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A lumbar puncture (LP) or spinal tap may be done to diagnose or treat a condition. For this procedure, your doctor inserts a hollow needle into the space surrounding the spinal column (subarachnoid space) in the lower back to withdraw some cerebrospinal fluid (CSF) or inject medication.
CSF is a clear fluid that bathes and cushions the brain and spinal cord. CSF is continuously made and reabsorbed in the brain.CSF is made up of cells, water, proteins, sugars, and other substances that are essential to maintain balance in the nervous system.
A lumbar puncture may be done for various reasons. The most common reason is to remove a small amount of CSF for testing. This can help in the diagnosis of various disorders. The fluid is tested for red and white blood cells, protein, and glucose (sugar). The clarity and color of the fluid are also checked and it is tested to see whether bacteria, viruses, or abnormal cells are present. Excess CSF may also be removed in people who have an overproduction or decreased absorption of the fluid.
A lumbar puncture procedure may be helpful in diagnosing many diseases and disorders, including:
In addition, a lumbar puncture may be used to measure the pressure of the CSF. The doctor uses a special tube (called a manometer) to measures the pressure during a lumbar puncture.
Finally, a lumbar puncture may be done to inject medicine directly into the spinal cord. These include:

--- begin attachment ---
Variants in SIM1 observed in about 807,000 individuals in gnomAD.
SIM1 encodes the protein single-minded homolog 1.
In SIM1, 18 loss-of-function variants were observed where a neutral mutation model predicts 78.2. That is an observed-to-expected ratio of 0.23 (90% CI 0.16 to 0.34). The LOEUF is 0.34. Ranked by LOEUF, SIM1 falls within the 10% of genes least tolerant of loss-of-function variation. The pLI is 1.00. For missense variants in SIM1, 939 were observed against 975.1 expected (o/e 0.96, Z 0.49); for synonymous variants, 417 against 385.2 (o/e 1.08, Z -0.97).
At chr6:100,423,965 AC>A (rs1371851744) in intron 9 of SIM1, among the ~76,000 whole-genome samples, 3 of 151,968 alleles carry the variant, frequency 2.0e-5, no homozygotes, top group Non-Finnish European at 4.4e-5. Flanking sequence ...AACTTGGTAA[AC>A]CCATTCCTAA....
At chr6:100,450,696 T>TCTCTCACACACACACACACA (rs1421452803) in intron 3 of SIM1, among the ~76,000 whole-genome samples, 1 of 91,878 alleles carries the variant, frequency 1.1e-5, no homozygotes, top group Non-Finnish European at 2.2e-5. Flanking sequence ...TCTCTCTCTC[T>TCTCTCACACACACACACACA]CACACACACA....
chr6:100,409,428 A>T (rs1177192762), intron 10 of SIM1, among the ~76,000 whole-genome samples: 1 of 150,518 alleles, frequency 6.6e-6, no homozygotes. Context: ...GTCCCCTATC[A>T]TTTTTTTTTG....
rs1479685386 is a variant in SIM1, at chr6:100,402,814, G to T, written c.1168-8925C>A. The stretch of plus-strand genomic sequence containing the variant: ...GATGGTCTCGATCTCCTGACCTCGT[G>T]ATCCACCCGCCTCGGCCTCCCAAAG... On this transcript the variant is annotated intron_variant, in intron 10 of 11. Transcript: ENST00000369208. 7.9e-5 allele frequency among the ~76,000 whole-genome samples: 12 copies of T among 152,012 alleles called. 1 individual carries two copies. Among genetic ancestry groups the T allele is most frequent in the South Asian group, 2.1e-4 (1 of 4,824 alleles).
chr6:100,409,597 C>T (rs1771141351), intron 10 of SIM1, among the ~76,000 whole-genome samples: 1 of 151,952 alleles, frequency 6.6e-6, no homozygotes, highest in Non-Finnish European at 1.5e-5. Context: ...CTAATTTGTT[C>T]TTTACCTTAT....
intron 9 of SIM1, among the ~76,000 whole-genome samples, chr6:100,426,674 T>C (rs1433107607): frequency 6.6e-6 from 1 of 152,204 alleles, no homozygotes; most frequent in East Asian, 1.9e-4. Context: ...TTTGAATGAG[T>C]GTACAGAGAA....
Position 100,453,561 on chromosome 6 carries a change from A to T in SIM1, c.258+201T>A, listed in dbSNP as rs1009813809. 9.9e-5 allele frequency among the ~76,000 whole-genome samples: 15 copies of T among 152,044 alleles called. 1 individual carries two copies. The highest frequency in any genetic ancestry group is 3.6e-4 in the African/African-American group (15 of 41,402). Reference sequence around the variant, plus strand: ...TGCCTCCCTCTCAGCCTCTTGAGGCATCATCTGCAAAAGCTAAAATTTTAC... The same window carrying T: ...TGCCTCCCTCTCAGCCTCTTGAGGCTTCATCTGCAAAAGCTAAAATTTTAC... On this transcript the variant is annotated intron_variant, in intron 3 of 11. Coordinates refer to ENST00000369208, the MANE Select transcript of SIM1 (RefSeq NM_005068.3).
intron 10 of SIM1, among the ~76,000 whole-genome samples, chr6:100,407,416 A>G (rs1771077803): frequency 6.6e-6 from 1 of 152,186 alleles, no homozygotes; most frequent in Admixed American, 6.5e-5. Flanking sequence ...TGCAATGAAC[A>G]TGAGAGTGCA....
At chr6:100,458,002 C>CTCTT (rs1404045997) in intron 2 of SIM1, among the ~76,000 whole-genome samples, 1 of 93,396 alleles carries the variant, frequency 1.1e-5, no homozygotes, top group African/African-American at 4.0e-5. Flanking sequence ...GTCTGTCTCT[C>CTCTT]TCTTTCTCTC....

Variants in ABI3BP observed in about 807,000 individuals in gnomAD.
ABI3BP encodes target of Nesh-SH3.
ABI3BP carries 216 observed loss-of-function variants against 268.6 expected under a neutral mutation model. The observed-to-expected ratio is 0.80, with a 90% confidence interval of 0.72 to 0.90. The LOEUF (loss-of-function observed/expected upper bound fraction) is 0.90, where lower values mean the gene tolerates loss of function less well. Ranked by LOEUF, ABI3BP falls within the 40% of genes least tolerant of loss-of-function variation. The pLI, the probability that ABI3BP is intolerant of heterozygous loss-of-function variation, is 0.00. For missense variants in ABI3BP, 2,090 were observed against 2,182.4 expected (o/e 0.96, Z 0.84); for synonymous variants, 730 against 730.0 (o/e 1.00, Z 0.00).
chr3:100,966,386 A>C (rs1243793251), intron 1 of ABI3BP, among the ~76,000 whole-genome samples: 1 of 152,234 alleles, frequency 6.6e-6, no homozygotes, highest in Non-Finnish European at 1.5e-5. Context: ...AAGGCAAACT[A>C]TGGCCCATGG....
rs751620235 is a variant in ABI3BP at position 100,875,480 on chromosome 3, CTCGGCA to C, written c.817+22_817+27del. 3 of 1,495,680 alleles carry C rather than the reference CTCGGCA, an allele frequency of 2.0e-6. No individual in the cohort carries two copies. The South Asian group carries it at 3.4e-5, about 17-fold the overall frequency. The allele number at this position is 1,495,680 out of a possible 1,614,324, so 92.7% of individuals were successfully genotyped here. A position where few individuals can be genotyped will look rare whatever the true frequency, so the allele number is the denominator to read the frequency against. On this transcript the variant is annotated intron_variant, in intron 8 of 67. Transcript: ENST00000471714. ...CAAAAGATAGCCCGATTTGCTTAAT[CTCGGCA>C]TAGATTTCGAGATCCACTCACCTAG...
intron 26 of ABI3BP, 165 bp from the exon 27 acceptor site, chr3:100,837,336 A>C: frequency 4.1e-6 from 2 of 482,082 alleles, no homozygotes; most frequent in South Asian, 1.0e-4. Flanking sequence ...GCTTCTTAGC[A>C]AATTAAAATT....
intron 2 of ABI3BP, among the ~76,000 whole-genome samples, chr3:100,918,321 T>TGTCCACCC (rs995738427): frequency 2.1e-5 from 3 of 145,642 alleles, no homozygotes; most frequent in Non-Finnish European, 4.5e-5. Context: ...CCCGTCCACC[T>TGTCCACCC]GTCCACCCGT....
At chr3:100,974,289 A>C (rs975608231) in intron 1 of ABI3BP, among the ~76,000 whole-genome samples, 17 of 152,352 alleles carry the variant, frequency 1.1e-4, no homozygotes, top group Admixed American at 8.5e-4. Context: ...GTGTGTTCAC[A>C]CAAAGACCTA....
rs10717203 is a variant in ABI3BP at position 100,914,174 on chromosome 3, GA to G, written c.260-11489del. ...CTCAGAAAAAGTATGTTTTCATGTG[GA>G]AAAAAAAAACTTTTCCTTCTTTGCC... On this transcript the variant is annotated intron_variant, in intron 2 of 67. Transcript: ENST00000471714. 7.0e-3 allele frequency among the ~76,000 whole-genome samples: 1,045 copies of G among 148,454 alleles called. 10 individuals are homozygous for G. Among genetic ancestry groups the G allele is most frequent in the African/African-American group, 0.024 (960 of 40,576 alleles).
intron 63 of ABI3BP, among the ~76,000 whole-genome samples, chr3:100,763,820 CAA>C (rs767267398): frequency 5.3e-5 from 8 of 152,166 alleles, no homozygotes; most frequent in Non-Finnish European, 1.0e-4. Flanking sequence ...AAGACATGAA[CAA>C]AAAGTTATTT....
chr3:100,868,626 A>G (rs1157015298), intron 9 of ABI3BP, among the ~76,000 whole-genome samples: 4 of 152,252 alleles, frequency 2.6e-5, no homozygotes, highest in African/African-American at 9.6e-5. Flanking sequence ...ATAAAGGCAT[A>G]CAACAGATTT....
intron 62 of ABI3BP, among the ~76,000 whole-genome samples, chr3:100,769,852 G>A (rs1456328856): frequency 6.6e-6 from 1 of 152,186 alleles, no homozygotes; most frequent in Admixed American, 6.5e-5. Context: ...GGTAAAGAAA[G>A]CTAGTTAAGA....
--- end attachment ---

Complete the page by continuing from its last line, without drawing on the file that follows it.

Your doctor may have other reasons to recommend a lumbar puncture.
Because this procedure involves the spinal cord and brain, the following complications may occur:
You may have other risks, depending on your specific medical condition. Be sure to discuss any concerns with your doctor before the procedure.
How do I prepare for a lumbar puncture?
Check with your healthcare provider about what you should do before the procedure. Below is a list of common steps that you may be asked to do:
A lumbar puncture procedure may be done on an outpatient basis or as part of your stay in a hospital. Procedures may vary depending on your condition and your doctor's practices.
Generally, a lumbar puncture follows this process:
You may have discomfort during a lumbar puncture. Your healthcare providers will use all possible comfort measures and complete the procedure as quickly as possible to minimize any discomfort or pain.
You usually will be asked to lie flat for about one hour after the lumbar puncture is completed. This helps reduce the incidence of a headache. You will be allowed to roll from side to side as long as your head is not elevated. If you need to urinate, you may need to do so in a bedpan or urinal during the time that you need to stay flat.
You will be asked to drink extra fluids to rehydrate after the procedure. This replaces the CSF that was withdrawn during the spinal tap and reduces the chance of developing a headache.
After recovery, you may be taken to your hospital room or discharged to your home. If you go home, usually your doctor will advise you to only engage in very light activity the rest of the day.
Once you are at home, notify your doctor of any abnormalities, such as:
If the headaches persist for more than a few hours after the procedure, or when you change positions, you should contact your doctor.
You may be instructed to limit your activity for 24 hours following the procedure. Generally, if no complications occur, you may return to your normal diet and activities.
Your health care provider may give you other specific instructions about what you should do after a lumbar puncture.
Before you agree to the test or the procedure make sure you know:
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